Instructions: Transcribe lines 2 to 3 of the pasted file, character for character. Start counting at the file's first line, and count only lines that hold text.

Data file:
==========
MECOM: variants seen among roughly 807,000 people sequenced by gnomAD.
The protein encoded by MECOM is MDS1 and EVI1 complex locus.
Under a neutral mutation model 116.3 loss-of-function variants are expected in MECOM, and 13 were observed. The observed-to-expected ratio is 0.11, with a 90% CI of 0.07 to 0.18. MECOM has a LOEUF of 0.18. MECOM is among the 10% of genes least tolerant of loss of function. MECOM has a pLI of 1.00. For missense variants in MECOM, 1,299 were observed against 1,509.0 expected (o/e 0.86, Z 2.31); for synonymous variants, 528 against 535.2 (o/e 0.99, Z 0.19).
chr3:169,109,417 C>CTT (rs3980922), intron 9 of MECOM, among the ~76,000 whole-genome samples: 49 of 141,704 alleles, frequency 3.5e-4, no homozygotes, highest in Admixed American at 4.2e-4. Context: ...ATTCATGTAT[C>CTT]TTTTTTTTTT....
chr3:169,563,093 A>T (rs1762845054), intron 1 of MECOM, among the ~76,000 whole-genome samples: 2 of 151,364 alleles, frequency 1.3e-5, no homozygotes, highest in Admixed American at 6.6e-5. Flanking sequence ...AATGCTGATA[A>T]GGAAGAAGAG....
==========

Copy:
The protein encoded by MECOM is MDS1 and EVI1 complex locus.
Under a neutral mutation model 116.3 loss-of-function variants are expected in MECOM, and 13 were observed. The observed-to-expected ratio is 0.11, with a 90% CI of 0.07 to 0.18. MECOM has a LOEUF of 0.18. MECOM is among the 10% of genes least tolerant of loss of function. MECOM has a pLI of 1.00. For missense variants in MECOM, 1,299 were observed against 1,509.0 expected (o/e 0.86, Z 2.31); for synonymous variants, 528 against 535.2 (o/e 0.99, Z 0.19).